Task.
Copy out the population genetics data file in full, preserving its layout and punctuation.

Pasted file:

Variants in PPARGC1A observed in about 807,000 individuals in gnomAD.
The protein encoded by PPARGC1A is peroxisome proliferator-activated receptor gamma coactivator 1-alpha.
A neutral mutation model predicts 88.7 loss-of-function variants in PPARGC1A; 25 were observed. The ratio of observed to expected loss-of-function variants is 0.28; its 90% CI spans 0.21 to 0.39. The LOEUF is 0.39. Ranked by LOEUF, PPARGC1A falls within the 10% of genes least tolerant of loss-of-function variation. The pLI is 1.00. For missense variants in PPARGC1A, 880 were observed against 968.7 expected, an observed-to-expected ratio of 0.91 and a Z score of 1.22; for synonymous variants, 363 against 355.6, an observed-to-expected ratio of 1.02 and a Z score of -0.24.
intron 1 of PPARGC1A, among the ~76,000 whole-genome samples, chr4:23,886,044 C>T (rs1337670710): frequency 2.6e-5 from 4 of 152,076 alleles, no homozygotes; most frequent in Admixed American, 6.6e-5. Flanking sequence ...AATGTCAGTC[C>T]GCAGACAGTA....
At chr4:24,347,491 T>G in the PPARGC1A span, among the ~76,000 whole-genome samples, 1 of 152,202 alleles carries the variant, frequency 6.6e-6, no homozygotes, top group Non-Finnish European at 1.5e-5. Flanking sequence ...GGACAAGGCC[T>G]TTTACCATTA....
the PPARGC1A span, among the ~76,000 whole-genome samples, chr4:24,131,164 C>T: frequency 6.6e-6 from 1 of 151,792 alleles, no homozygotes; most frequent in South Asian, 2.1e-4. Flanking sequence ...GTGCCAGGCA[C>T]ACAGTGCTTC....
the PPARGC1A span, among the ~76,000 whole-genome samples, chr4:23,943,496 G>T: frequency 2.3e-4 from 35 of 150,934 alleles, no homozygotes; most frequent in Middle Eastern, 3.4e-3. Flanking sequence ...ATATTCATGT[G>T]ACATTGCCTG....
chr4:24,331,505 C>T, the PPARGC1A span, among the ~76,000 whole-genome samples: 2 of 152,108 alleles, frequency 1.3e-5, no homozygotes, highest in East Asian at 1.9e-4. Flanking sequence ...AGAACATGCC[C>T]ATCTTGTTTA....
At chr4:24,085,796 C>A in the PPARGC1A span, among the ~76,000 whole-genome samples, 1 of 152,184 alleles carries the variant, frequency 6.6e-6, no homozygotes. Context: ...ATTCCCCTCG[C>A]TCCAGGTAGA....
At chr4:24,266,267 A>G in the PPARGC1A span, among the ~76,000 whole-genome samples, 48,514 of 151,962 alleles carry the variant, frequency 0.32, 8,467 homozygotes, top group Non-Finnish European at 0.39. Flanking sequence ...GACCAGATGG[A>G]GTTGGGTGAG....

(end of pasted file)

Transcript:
Variants in PPARGC1A observed in about 807,000 individuals in gnomAD.
The protein encoded by PPARGC1A is peroxisome proliferator-activated receptor gamma coactivator 1-alpha.
A neutral mutation model predicts 88.7 loss-of-function variants in PPARGC1A; 25 were observed. The ratio of observed to expected loss-of-function variants is 0.28; its 90% CI spans 0.21 to 0.39. The LOEUF is 0.39. Ranked by LOEUF, PPARGC1A falls within the 10% of genes least tolerant of loss-of-function variation. The pLI is 1.00. For missense variants in PPARGC1A, 880 were observed against 968.7 expected, an observed-to-expected ratio of 0.91 and a Z score of 1.22; for synonymous variants, 363 against 355.6, an observed-to-expected ratio of 1.02 and a Z score of -0.24.
intron 1 of PPARGC1A, among the ~76,000 whole-genome samples, chr4:23,886,044 C>T (rs1337670710): frequency 2.6e-5 from 4 of 152,076 alleles, no homozygotes; most frequent in Admixed American, 6.6e-5. Flanking sequence ...AATGTCAGTC[C>T]GCAGACAGTA....
At chr4:24,347,491 T>G in the PPARGC1A span, among the ~76,000 whole-genome samples, 1 of 152,202 alleles carries the variant, frequency 6.6e-6, no homozygotes, top group Non-Finnish European at 1.5e-5. Flanking sequence ...GGACAAGGCC[T>G]TTTACCATTA....
the PPARGC1A span, among the ~76,000 whole-genome samples, chr4:24,131,164 C>T: frequency 6.6e-6 from 1 of 151,792 alleles, no homozygotes; most frequent in South Asian, 2.1e-4. Flanking sequence ...GTGCCAGGCA[C>T]ACAGTGCTTC....
the PPARGC1A span, among the ~76,000 whole-genome samples, chr4:23,943,496 G>T: frequency 2.3e-4 from 35 of 150,934 alleles, no homozygotes; most frequent in Middle Eastern, 3.4e-3. Flanking sequence ...ATATTCATGT[G>T]ACATTGCCTG....
chr4:24,331,505 C>T, the PPARGC1A span, among the ~76,000 whole-genome samples: 2 of 152,108 alleles, frequency 1.3e-5, no homozygotes, highest in East Asian at 1.9e-4. Flanking sequence ...AGAACATGCC[C>T]ATCTTGTTTA....
At chr4:24,085,796 C>A in the PPARGC1A span, among the ~76,000 whole-genome samples, 1 of 152,184 alleles carries the variant, frequency 6.6e-6, no homozygotes. Context: ...ATTCCCCTCG[C>A]TCCAGGTAGA....
At chr4:24,266,267 A>G in the PPARGC1A span, among the ~76,000 whole-genome samples, 48,514 of 151,962 alleles carry the variant, frequency 0.32, 8,467 homozygotes, top group Non-Finnish European at 0.39. Flanking sequence ...GACCAGATGG[A>G]GTTGGGTGAG....